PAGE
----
- Op amp gain compensates for insertion loss

## Integrator and Differentiator Circuits

Op amps can also be used to perform mathematical operations on analog voltages, such as integration and differentiation. An op amp integrator has a capacitor in the feedback path:

[Schematic]

The output voltage is proportional to the integral of the input voltage:

Vout = -(1/RC)∫Vin dt

For a constant input voltage, the output is a ramp with a slope of Vin/RC. Integrators are used in analog computer, control system, and signal processing circuits.

An op amp differentiator uses a capacitor at the input and a resistor in the feedback path, like this:

[Schematic]

Here the output voltage is proportional to the derivative or rate of change of the input:

Vout = -RC dVin/dt

Differentiators find use in applications needing to sense change or motion. However, they tend to amplify high frequency noise, so their bandwidths are usually limited. In general, differentiators are more difficult to apply than integrators.

## Voltage Comparator

By operating without negative feedback, an op amp can be used as a comparator to sense when an input voltage crosses a threshold. A basic comparator circuit looks like this:

[Schematic]

The two inputs are:

- Vsig = signal voltage to be compared
- Vref = reference threshold voltage

The output (Vo) will swing to the positive or negative Power Supply rail depending on the relative values of the two inputs:

If Vsig > Vref, then Vo = +Vcc

If Vsig < Vref, then Vo = -Vee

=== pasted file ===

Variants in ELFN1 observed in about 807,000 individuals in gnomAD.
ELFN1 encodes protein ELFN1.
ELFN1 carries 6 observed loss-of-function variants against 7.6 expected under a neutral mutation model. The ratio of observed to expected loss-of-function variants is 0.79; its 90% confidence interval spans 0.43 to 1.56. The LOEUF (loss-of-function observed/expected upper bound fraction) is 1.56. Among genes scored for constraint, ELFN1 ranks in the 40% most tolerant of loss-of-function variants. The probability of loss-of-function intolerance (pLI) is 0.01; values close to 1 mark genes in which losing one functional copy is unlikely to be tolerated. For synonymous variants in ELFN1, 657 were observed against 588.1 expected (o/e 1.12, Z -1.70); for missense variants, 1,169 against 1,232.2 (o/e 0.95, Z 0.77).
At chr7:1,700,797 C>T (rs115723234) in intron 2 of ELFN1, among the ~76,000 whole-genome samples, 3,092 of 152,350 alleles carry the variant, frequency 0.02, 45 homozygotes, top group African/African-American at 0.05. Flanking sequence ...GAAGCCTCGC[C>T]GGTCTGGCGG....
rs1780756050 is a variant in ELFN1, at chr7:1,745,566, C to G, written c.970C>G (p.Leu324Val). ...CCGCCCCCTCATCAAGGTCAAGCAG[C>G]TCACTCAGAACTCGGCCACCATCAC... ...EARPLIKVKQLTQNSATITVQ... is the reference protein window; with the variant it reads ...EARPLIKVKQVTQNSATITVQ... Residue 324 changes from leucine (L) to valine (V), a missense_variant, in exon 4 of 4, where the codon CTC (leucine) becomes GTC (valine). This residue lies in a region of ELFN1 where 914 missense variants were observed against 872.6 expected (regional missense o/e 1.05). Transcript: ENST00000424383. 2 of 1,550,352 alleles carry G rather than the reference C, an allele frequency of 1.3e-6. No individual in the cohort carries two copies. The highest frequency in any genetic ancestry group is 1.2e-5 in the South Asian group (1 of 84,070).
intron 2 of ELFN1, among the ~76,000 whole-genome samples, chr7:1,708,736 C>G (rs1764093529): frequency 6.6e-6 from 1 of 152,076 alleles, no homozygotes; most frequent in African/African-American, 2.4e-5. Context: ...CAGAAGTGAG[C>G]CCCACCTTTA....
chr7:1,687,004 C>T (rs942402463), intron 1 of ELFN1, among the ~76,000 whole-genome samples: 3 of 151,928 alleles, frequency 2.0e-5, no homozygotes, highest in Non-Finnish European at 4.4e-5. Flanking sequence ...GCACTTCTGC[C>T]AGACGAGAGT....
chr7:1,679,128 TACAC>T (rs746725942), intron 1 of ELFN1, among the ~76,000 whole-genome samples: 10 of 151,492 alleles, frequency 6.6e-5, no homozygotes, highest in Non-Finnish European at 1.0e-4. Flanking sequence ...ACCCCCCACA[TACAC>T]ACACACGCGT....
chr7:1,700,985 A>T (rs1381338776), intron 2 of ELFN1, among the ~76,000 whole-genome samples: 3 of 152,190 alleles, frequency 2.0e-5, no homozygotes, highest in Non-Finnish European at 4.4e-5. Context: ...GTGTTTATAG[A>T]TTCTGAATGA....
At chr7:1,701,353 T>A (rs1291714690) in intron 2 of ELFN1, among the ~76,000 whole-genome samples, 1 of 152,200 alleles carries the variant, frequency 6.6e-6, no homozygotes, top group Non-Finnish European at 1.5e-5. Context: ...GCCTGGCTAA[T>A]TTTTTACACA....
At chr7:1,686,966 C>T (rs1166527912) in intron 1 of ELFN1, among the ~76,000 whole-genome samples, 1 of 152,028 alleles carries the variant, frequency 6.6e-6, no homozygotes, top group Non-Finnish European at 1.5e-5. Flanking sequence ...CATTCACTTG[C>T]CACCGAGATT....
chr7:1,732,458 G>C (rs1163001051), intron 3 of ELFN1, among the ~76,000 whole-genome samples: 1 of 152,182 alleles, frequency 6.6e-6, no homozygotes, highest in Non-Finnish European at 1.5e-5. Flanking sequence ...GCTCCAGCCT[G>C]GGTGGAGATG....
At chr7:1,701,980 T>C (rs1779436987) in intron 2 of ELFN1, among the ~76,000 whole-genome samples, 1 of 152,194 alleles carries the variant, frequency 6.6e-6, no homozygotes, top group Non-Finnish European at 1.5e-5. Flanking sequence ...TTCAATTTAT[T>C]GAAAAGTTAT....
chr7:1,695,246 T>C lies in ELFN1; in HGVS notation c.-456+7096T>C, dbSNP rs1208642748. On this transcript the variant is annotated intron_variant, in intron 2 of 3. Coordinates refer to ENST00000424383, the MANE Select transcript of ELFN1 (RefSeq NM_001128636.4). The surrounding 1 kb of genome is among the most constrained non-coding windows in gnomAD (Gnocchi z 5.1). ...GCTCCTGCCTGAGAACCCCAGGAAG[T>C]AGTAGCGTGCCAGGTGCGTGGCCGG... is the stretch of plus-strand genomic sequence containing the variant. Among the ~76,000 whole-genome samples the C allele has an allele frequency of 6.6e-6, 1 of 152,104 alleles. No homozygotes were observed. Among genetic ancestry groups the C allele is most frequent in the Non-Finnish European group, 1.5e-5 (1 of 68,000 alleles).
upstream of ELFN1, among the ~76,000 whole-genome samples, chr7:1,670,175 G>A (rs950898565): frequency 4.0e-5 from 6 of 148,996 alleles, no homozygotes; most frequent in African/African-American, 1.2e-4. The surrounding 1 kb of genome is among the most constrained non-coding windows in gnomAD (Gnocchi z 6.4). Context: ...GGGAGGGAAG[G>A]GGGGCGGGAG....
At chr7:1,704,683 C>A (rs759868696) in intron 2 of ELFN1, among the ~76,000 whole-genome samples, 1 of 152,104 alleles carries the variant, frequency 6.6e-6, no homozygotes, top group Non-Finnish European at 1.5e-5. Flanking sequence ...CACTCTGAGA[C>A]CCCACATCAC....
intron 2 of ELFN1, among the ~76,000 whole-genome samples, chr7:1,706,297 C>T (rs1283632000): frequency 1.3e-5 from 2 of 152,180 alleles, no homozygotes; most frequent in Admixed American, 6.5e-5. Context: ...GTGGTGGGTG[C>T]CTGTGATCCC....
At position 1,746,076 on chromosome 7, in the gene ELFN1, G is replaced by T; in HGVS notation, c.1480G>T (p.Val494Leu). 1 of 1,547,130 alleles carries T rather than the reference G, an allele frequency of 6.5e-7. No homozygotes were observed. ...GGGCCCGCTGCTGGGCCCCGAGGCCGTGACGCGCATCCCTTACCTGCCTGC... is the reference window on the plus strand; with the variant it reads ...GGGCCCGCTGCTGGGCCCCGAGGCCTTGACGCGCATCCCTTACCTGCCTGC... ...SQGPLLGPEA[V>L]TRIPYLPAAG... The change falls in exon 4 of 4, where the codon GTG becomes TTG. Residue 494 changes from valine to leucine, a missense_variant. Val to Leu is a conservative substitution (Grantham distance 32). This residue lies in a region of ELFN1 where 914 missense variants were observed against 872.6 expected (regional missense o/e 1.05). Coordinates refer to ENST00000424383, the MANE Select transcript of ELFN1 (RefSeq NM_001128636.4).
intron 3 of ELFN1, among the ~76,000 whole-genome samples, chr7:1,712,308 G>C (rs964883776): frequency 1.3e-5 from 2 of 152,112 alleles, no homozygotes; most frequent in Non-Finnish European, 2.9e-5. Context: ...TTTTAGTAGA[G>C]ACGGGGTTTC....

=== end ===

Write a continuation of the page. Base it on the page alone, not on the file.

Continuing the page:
Comparators are used in many applications as analog-to-digital interfaces including:

- Over/undervoltage detection
- Window comparators
- Zero-Crossing Detectors
- Analog-to-digital converters (ADCs)
- Pulse-width modulators (PWM)

Comparators usually have an open-drain output with a pullup resistor so they can drive logic circuits. The TL07x op amps, with their high speed and low input offset voltage, work well as comparators.

## Astable Multivibrator

The versatile op amp can also be used to create oscillator circuits that generate periodic analog waveforms. One example is the astable multivibrator, which uses positive feedback and an RC network to produce a square wave output:

[Schematic]

It works like this:

- C charges through R1 and R2
- When voltage on C reaches upper threshold (set by R1/R2 ratio), the op amp output goes high
- This turns on the discharge transistor Q1, rapidly discharging C
- When voltage on C drops to the lower threshold, the op amp output goes low
- Q1 turns off and C begins charging again
- Process repeats indefinitely

The charge/discharge cycle of the capacitor generates a square wave at Vo. The frequency is set by the R1, R2, and C values:

f = 1 / (1.38 • C • (R1+2R2))

And the duty cycle is determined by the ratio of R1 to R2:

Duty Cycle = R2 / (R1 + 2R2)

The TL07x op amps are a good choice for oscillators and multivibrators because of their wide bandwidth, high slew rate, and short settling times.

## Window Comparator

For applications that need to check if a signal lies within a certain voltage range, a window comparator is used. It requires two op amp comparator stages:

[Schematic]

The lower op amp compares the input signal to the lower threshold voltage (Vref_low). Its output will be high when Vsig > Vref_low.

The upper op amp compares the input to the upper threshold (Vref_high). It outputs high when Vsig < Vref_high.

The AND gate combines the outputs of the two comparators. Its output will only be high when Vsig is between the two thresholds:

Vref_low < Vsig < Vref_high

A window comparator is useful for detecting when a signal is within acceptable limits. It can monitor parameters like: